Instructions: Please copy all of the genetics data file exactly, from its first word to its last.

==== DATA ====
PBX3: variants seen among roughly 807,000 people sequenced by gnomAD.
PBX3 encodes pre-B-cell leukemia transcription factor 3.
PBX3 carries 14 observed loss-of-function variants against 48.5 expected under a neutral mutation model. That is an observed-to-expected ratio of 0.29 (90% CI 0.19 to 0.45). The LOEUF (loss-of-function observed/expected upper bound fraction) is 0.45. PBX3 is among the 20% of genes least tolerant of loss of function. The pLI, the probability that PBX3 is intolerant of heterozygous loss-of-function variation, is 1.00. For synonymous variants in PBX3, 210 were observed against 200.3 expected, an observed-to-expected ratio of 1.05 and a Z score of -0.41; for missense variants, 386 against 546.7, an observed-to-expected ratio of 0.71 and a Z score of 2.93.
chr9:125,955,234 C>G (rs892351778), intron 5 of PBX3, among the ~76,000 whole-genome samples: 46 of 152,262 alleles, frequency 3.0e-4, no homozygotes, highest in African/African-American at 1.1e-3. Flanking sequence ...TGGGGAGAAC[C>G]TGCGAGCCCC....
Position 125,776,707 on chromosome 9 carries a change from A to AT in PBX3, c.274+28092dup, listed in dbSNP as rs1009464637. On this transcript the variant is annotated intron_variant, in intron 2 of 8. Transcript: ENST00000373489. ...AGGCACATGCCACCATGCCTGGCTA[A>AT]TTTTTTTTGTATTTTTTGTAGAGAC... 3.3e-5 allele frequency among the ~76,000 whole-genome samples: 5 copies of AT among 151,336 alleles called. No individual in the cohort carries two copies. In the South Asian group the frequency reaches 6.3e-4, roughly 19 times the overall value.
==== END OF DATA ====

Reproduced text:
PBX3: variants seen among roughly 807,000 people sequenced by gnomAD.
PBX3 encodes pre-B-cell leukemia transcription factor 3.
PBX3 carries 14 observed loss-of-function variants against 48.5 expected under a neutral mutation model. That is an observed-to-expected ratio of 0.29 (90% CI 0.19 to 0.45). The LOEUF (loss-of-function observed/expected upper bound fraction) is 0.45. PBX3 is among the 20% of genes least tolerant of loss of function. The pLI, the probability that PBX3 is intolerant of heterozygous loss-of-function variation, is 1.00. For synonymous variants in PBX3, 210 were observed against 200.3 expected, an observed-to-expected ratio of 1.05 and a Z score of -0.41; for missense variants, 386 against 546.7, an observed-to-expected ratio of 0.71 and a Z score of 2.93.
chr9:125,955,234 C>G (rs892351778), intron 5 of PBX3, among the ~76,000 whole-genome samples: 46 of 152,262 alleles, frequency 3.0e-4, no homozygotes, highest in African/African-American at 1.1e-3. Flanking sequence ...TGGGGAGAAC[C>G]TGCGAGCCCC....
Position 125,776,707 on chromosome 9 carries a change from A to AT in PBX3, c.274+28092dup, listed in dbSNP as rs1009464637. On this transcript the variant is annotated intron_variant, in intron 2 of 8. Transcript: ENST00000373489. ...AGGCACATGCCACCATGCCTGGCTA[A>AT]TTTTTTTTGTATTTTTTGTAGAGAC... 3.3e-5 allele frequency among the ~76,000 whole-genome samples: 5 copies of AT among 151,336 alleles called. No individual in the cohort carries two copies. In the South Asian group the frequency reaches 6.3e-4, roughly 19 times the overall value.